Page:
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Rights of Part-Time Employees

By: Pat Mullins | Posted on: 14 Jul 2015

Rights of Part-Time Employees

 

A part-time employee is an employee whose normal working hours are less than the normal hours of work of a comparable employee in relation to him or her.  The rules governing the employment of part-time employees is governed in the main by the Protection of Employees (Part-Time Work), 2001.

 

The Act prohibits discrimination against part-time workers. 

 

The legislation applies to part-time employees, irrespective of the number of hours that they work, or the length of service.

 

The legislation provides that a part time employee shall not be treated in a less favourable manner, as regards his or her conditions of employment than a full time employee.  In order for an employer to be in a position to provide different terms to a part time employee, the different treatment must be justified on objective grounds. 

 

Any such objective ground must be based on considerations other than the status of the employee as a part-time worker.  The different treatment should be for the purposes of achieving a legitimate objective of the employer, and such treatment must be necessary for that purpose.

 

The entitlements of a part-time employee are in proportion to those of a full time employee and are dealt with on a pro-rata basis. 

 

As regards pensions, a part-time employee may be treated less favourably, if that employee’s normal hours of work are less than 20% of the normal hours of work of a comparable full time employee.  This is set out in Section 9 of the Act. 

 

The comparator used, to assess the terms and conditions of a part-time employee, must be a full time employee, employed by the same employer, or an associate employer.  Where the employer does not employ a full time employee, then the comparator can be an employee employed in the same industry or sector of employment as the part-time employee.  The method of comparison and definition of full time employees, is set out in Section 7(2) and Section 7(3) of the Act.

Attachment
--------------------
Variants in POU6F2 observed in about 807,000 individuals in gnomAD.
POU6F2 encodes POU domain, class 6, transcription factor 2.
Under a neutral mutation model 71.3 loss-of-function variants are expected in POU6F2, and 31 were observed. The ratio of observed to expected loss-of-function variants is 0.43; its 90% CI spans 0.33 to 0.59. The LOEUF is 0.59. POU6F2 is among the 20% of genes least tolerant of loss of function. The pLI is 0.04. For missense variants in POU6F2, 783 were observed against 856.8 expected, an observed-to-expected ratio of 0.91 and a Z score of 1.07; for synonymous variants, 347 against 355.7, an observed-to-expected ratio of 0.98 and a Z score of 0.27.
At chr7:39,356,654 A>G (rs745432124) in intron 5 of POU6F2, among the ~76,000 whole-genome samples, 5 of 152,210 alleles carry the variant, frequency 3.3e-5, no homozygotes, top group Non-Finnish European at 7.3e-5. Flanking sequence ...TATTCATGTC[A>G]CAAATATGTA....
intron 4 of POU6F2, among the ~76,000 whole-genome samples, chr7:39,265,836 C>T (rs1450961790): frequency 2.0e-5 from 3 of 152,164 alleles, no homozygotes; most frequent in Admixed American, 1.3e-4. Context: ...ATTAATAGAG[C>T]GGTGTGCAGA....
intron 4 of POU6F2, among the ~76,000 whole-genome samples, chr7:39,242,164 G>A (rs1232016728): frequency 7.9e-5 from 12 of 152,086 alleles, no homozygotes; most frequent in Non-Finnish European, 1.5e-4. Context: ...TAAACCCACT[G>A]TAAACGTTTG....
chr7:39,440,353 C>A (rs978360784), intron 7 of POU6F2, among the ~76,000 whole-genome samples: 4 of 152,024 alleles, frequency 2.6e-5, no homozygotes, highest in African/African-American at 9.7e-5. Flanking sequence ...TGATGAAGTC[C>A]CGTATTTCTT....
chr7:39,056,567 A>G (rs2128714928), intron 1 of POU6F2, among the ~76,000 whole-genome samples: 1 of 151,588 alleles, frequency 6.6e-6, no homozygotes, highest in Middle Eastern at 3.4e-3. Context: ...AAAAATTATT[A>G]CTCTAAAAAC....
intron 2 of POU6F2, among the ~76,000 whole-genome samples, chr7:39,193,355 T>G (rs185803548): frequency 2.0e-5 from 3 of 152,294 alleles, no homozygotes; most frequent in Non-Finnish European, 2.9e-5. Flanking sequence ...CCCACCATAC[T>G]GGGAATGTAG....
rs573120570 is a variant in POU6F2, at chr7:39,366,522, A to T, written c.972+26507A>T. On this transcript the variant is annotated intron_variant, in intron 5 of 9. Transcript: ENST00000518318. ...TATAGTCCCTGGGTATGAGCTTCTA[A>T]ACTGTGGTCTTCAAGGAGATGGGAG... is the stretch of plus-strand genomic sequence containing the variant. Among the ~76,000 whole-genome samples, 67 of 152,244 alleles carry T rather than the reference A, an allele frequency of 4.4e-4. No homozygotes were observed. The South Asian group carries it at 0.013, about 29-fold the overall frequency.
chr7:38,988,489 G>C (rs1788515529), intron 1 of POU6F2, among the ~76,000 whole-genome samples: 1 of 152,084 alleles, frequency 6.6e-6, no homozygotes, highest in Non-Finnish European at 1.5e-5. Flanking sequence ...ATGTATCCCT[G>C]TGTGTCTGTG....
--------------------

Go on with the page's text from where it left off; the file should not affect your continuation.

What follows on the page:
It is illegal to have a term in a Contract of Employment which excludes this legislation, and this prohibition is set out in Section 14 of the Act. 

 

A referral of a complaint in relation to breach of the Act can be made to a Rights Commissioner, within six months of the date of the alleged breach.  This time limit can be extended, in exceptional circumstances for a further period of twelve months.

 

The reliefs available are a Declaration in relation to whether the complaint is or is not well founded, a direction requiring the employer to comply with the relevant provision of the Act, and a requirement for the employer to pay compensation to the employee, as appears just and equitable to the Rights Commissioner, having regard to all the circumstances.  Any such compensation cannot exceed two years remuneration in respect of the employee’s employment. 

 

An appeal lies from a Rights Commissioner’s decision to the Labour Court, within six weeks from the date that it is communicated to the parties. 

 

There is no statutory obligation on an employer to create part time work.  The LRC Code of Practice and Access to Part Time Work (Statutory Instrument No. 8 of 2006) recommends that employers should give consideration to such requests and should be seen to be fair and reasonable.  The lack of consideration of an application for part time work, could be interpreted as in direct discrimination on the grounds of gender/family status contrary to the Employment Equality Acts. 

 

 

 

 

Patrick Mullins

Partner

BDM Boylan Solicitors

Clarkes Bridge House

Hanover Street, Cork

pmullins@bdmboylan.ie

www.bdmboylan.ie